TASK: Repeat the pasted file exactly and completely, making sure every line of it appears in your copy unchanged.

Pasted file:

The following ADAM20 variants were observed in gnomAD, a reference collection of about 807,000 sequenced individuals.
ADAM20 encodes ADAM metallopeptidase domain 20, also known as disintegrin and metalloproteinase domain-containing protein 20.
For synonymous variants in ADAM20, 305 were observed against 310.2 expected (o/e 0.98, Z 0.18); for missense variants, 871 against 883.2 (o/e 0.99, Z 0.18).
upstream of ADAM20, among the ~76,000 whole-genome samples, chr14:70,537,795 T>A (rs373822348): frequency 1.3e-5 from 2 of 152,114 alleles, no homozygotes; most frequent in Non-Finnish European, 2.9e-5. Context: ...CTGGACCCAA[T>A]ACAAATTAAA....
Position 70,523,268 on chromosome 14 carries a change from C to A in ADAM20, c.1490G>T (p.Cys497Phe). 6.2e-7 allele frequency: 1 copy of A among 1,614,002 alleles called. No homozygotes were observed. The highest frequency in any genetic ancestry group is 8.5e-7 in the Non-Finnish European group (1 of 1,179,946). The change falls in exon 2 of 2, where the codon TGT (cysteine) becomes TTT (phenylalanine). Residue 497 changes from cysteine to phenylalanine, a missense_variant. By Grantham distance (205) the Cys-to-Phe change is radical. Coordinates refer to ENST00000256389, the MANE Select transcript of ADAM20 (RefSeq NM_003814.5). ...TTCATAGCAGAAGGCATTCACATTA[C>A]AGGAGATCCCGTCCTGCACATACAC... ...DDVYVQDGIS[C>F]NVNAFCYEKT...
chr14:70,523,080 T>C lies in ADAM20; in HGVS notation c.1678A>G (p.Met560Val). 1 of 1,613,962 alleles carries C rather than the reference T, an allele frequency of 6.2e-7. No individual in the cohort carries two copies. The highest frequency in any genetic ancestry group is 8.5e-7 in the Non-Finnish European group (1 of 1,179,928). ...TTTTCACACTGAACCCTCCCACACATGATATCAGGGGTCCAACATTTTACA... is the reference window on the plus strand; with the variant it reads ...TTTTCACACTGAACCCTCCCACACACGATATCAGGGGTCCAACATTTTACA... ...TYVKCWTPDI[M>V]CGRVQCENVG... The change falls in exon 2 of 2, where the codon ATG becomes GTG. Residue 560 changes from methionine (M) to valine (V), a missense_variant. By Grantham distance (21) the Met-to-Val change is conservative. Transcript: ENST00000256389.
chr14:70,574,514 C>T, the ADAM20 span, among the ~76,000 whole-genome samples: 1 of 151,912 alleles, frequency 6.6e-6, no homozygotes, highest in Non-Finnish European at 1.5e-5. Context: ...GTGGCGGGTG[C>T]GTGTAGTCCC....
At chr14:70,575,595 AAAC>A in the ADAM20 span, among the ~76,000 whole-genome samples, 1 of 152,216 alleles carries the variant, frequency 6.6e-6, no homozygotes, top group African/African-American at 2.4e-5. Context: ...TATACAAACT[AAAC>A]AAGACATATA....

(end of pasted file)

The following ADAM20 variants were observed in gnomAD, a reference collection of about 807,000 sequenced individuals.
ADAM20 encodes ADAM metallopeptidase domain 20, also known as disintegrin and metalloproteinase domain-containing protein 20.
For synonymous variants in ADAM20, 305 were observed against 310.2 expected (o/e 0.98, Z 0.18); for missense variants, 871 against 883.2 (o/e 0.99, Z 0.18).
upstream of ADAM20, among the ~76,000 whole-genome samples, chr14:70,537,795 T>A (rs373822348): frequency 1.3e-5 from 2 of 152,114 alleles, no homozygotes; most frequent in Non-Finnish European, 2.9e-5. Context: ...CTGGACCCAA[T>A]ACAAATTAAA....
Position 70,523,268 on chromosome 14 carries a change from C to A in ADAM20, c.1490G>T (p.Cys497Phe). 6.2e-7 allele frequency: 1 copy of A among 1,614,002 alleles called. No homozygotes were observed. The highest frequency in any genetic ancestry group is 8.5e-7 in the Non-Finnish European group (1 of 1,179,946). The change falls in exon 2 of 2, where the codon TGT (cysteine) becomes TTT (phenylalanine). Residue 497 changes from cysteine to phenylalanine, a missense_variant. By Grantham distance (205) the Cys-to-Phe change is radical. Coordinates refer to ENST00000256389, the MANE Select transcript of ADAM20 (RefSeq NM_003814.5). ...TTCATAGCAGAAGGCATTCACATTA[C>A]AGGAGATCCCGTCCTGCACATACAC... ...DDVYVQDGIS[C>F]NVNAFCYEKT...
chr14:70,523,080 T>C lies in ADAM20; in HGVS notation c.1678A>G (p.Met560Val). 1 of 1,613,962 alleles carries C rather than the reference T, an allele frequency of 6.2e-7. No individual in the cohort carries two copies. The highest frequency in any genetic ancestry group is 8.5e-7 in the Non-Finnish European group (1 of 1,179,928). ...TTTTCACACTGAACCCTCCCACACATGATATCAGGGGTCCAACATTTTACA... is the reference window on the plus strand; with the variant it reads ...TTTTCACACTGAACCCTCCCACACACGATATCAGGGGTCCAACATTTTACA... ...TYVKCWTPDI[M>V]CGRVQCENVG... The change falls in exon 2 of 2, where the codon ATG becomes GTG. Residue 560 changes from methionine (M) to valine (V), a missense_variant. By Grantham distance (21) the Met-to-Val change is conservative. Transcript: ENST00000256389.
chr14:70,574,514 C>T, the ADAM20 span, among the ~76,000 whole-genome samples: 1 of 151,912 alleles, frequency 6.6e-6, no homozygotes, highest in Non-Finnish European at 1.5e-5. Context: ...GTGGCGGGTG[C>T]GTGTAGTCCC....
At chr14:70,575,595 AAAC>A in the ADAM20 span, among the ~76,000 whole-genome samples, 1 of 152,216 alleles carries the variant, frequency 6.6e-6, no homozygotes, top group African/African-American at 2.4e-5. Context: ...TATACAAACT[AAAC>A]AAGACATATA....